Elevator pitches, or elevator talks, have received considerable attention recently in the media and business press. Elevator pitches got their name because they were originally associated with the scenario where an entrepreneur had the time it took for the elevator to go from the lobby to the executive suite (about two minutes) to convince the would-be investor of the value of his/her business or invention. The concept has evolved and now is used to fit a variety of important interactions that can influence your business. The original elevator pitches were about two minutes long, but today the length will vary depending upon the particular situation and the audience in question. An important point is that the time to make your point is limited — so advance thought and planning is critical.
While the original elevator pitch was associated with convincing a potential investor to finance a new venture, the concept has now extended to include interactions with potential customers, with leaders in your community, with representatives from regulatory agencies and with the general public. In short, an elevator pitch occurs anytime you (or another individual from your feed and grain business) have a short window of opportunity when meeting someone to, (1) make a good first impression, (2) convey two or three key points, or highlights, about your business, and (3) bring closure to the conversation so that follow-up contact may be initiated when appropriate.
Different elevator pitches for different audiences
There are many different audiences where you, or someone from your firm, may use an elevator pitch. Even the most loyal of current customers need to hear why your firm is offering them the best value so they don’t take their business to the competition. The casual meeting of a current customer when he/she stops by your business can be an important interaction —especially if that customer has been searching out the competition. Potential customers will require a different approach although many of the points associated with the value that your firm offers will be the same as those for current customers. Potential customers must be convinced to switch away from your competitor and the opportunity to begin that discussion may be when you happen to meet the individual in the grocery store line or at the coffee shop.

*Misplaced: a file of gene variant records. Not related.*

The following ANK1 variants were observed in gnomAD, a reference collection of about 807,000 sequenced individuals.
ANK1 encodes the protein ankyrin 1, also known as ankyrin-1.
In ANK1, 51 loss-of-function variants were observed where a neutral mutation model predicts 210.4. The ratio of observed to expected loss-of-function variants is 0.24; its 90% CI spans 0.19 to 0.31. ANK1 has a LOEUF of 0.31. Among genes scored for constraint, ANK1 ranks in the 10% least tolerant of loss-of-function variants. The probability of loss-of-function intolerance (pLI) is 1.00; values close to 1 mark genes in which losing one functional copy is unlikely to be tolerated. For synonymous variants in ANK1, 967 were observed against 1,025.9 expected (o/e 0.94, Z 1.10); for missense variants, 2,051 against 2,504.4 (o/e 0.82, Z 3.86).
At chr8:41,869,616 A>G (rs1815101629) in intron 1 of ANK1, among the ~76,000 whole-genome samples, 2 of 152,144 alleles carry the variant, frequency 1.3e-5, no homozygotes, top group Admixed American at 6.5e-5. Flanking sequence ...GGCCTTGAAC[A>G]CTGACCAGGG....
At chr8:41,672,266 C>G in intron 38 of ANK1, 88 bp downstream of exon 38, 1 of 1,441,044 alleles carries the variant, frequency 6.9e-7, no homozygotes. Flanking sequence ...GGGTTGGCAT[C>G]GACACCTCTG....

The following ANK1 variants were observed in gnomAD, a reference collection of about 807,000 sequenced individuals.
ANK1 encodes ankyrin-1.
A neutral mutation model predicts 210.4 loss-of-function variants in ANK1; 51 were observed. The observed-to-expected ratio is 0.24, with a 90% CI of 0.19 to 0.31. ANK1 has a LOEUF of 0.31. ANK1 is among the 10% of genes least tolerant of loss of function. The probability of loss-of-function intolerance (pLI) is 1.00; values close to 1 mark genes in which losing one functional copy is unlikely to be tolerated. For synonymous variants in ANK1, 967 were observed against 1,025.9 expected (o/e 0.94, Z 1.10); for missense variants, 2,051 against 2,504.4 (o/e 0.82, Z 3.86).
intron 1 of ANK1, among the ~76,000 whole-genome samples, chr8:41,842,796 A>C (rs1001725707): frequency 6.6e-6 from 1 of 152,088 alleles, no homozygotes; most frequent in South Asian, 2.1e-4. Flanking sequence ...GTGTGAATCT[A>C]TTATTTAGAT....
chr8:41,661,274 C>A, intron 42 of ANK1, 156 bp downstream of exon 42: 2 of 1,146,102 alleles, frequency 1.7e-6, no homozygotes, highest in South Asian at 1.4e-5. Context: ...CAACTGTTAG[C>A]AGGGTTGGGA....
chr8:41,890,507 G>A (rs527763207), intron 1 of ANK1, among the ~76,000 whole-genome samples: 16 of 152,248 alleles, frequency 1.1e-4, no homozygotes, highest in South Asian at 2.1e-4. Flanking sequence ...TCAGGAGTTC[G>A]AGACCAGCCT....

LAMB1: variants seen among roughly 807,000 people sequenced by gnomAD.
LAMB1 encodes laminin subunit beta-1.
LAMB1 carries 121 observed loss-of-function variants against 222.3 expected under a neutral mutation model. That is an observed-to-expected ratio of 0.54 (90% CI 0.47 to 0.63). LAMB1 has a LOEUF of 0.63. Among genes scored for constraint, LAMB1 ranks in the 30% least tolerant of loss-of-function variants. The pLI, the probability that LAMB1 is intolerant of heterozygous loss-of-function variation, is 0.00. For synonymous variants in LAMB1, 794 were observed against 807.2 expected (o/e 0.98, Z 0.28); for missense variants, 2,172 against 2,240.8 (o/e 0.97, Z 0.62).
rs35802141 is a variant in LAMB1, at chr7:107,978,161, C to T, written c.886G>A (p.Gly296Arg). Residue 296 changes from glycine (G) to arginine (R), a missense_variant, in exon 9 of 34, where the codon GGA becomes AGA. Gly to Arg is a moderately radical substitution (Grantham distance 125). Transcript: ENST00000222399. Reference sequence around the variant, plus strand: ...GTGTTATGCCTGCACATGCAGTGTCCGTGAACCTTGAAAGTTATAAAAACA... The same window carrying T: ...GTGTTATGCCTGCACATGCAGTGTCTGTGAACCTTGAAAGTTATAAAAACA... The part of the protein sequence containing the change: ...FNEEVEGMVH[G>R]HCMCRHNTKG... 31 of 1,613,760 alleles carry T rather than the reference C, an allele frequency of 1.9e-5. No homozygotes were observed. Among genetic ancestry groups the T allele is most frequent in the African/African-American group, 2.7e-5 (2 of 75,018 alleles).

While conveying your value as a feed or grain business to customers is important, don’t discount the value of being able to communicate clearly and effectively with other influencers. These include input or service suppliers with whom you do business, public officials (on issues like zoning, economic development, job creation and stability), regulatory officials (on issues such as health, safety and labor management), and, perhaps the most difficult and oftentimes intimidating audience, the general public, which may have nearly no understanding of what you do or why it is important. In some cases you may know when you are going to need to use an elevator pitch (e.g., the scheduled visit from the regulatory official), but in many cases the opportunity will just present itself and you must be ready to deliver your elevator pitch. Never underestimate the importance of those conversations while watching the little league soccer game — where others learn about the contributions your firm is making to the community. Similarly, conversations at the golf club or at the local coffee shop can be the opportunity you are waiting for.